Is 7.14: Virgin or Young Woman?

Discussion in 'Bible Versions/Translations' started by Marcia, Jul 24, 2006.

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  1. Marcia

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    Someone posted this about the NET Bible on the NET Bible thread. I do not want to discuss the topic of inspiration of translations (which I do not accept) so much as the interpretation of this term, almah, which I thought means young woman or virgin. If anyone wants to discuss whether translations can be inspired, please start another thread.

    Doesn't the word here mean young woman, because it's a prediction of an actual birth that happened in the OT, but it is applied and quoted in the NT to refer to Mary, meaning virgin in that case? Please explain if you know!

     
  2. Salamander

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    The arguement that "young woman" be accepted disproves the idealologies of "updated English " and to be better understood ,since the idea of any young woman can mean she is not a virgin.

    The use of "young woman" actually attacks the voracity of the Scriptures by the ideal superimposed by MV advocates.

    Now, if we could just all "get along":tongue3:
     
  3. Pastor Larry

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    Actually I do know :D ... It was not a prediction of a birth that happened in the OT. The word may mean young woman who is not a virgin, but in Isa 7:14, it means virgin because 1) that was the only way it would be a sign, and 2) Matthew said it meant virgin.

    What other evidence do we need?
     
  4. Marcia

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    According to the NET Bible notes, the word translated as "sign" in Is. does not always mean a miraculous event as Isaiah uses the word elsewhere to indicate something that is not miraculous.
     
  5. Marcia

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    To be fair to the NET Bible, I think I should post their explanation for using "young woman" instead of "virgin"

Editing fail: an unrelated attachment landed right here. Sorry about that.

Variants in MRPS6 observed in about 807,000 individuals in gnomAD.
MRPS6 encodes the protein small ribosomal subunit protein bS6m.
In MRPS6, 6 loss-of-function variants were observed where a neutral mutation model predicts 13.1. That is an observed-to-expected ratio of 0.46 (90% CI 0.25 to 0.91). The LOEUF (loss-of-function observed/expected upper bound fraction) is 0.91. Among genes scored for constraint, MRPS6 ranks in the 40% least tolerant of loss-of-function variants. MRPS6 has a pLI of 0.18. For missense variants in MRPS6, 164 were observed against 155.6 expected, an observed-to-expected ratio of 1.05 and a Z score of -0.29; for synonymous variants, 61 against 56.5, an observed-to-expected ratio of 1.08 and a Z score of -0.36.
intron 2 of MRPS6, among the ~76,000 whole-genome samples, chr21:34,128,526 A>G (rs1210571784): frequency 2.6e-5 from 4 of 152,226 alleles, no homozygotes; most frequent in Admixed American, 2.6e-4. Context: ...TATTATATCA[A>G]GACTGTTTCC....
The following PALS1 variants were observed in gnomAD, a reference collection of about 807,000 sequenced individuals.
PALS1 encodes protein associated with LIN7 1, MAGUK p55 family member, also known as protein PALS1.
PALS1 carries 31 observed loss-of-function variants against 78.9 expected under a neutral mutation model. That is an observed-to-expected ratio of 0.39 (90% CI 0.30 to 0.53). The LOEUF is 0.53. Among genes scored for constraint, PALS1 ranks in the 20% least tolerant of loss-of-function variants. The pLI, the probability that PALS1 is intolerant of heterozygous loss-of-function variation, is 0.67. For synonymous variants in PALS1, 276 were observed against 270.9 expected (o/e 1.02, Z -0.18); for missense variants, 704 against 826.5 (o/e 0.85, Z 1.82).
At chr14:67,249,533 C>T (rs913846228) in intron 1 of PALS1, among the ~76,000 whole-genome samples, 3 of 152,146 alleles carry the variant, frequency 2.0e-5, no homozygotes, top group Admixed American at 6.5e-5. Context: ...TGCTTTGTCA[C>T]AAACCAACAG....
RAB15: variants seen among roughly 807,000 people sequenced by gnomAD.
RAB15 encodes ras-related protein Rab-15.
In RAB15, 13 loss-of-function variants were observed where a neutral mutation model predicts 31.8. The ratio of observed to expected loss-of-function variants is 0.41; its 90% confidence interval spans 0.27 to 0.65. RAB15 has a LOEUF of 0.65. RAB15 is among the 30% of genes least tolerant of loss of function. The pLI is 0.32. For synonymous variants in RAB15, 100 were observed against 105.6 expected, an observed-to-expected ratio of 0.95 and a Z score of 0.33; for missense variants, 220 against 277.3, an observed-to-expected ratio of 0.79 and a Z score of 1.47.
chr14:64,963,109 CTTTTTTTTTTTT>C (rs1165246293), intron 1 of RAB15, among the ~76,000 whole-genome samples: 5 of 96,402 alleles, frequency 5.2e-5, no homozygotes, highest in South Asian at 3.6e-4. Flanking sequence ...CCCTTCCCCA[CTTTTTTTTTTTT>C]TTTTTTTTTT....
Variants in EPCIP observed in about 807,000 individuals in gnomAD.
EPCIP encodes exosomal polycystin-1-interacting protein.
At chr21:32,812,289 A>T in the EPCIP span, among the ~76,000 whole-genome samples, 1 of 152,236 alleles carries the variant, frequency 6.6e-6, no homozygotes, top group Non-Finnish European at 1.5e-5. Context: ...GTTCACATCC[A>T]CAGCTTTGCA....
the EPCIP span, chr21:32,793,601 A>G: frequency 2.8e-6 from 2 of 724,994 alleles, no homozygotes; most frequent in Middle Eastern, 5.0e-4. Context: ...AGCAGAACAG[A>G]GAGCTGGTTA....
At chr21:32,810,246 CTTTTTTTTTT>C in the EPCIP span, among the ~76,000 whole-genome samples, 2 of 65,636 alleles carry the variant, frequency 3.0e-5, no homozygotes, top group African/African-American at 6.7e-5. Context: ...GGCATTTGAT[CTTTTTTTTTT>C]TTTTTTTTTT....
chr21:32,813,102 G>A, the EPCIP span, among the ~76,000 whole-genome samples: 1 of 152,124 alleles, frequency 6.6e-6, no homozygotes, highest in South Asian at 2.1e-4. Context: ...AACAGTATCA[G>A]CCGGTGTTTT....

I do hope some people who have studied this and/or know Hebrew and Greek can respond.
     
  6. Marcia

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    Isn't God predicting to King Ahaz the birth of a son to him? It seems that is what is being said. This is from the NASB.

    It doesn't seem as though verses 15 and 16 would apply to Jesus.
     
  7. GeneMBridges

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    Marcia, this usually come up around Christmas, and those of us doing apologetics with skeptics/atheists get it all the time. So, this is a response I wrote I think last year that is framed to this being used as an objection to the virgin birth enunciated by an atheist.

    Alan Segal: "We can guess that the doctrine originated largely among Gentiles known to Luke and not among the Jews known to Matthew; in any event, it was not a universal Christian response to Jesus' birth."

    Really? Let's check this:

    Ignatius, who himself came from a church that was in contact with more than one apostle (Antioch) mentions the virgin birth when writing to other churches that had been in contact with more than one apostle (Ephesus, Smyrna). Aristides, also writing in the early second century, speaks of the virgin birth as something that characterizes the beliefs of all Christians.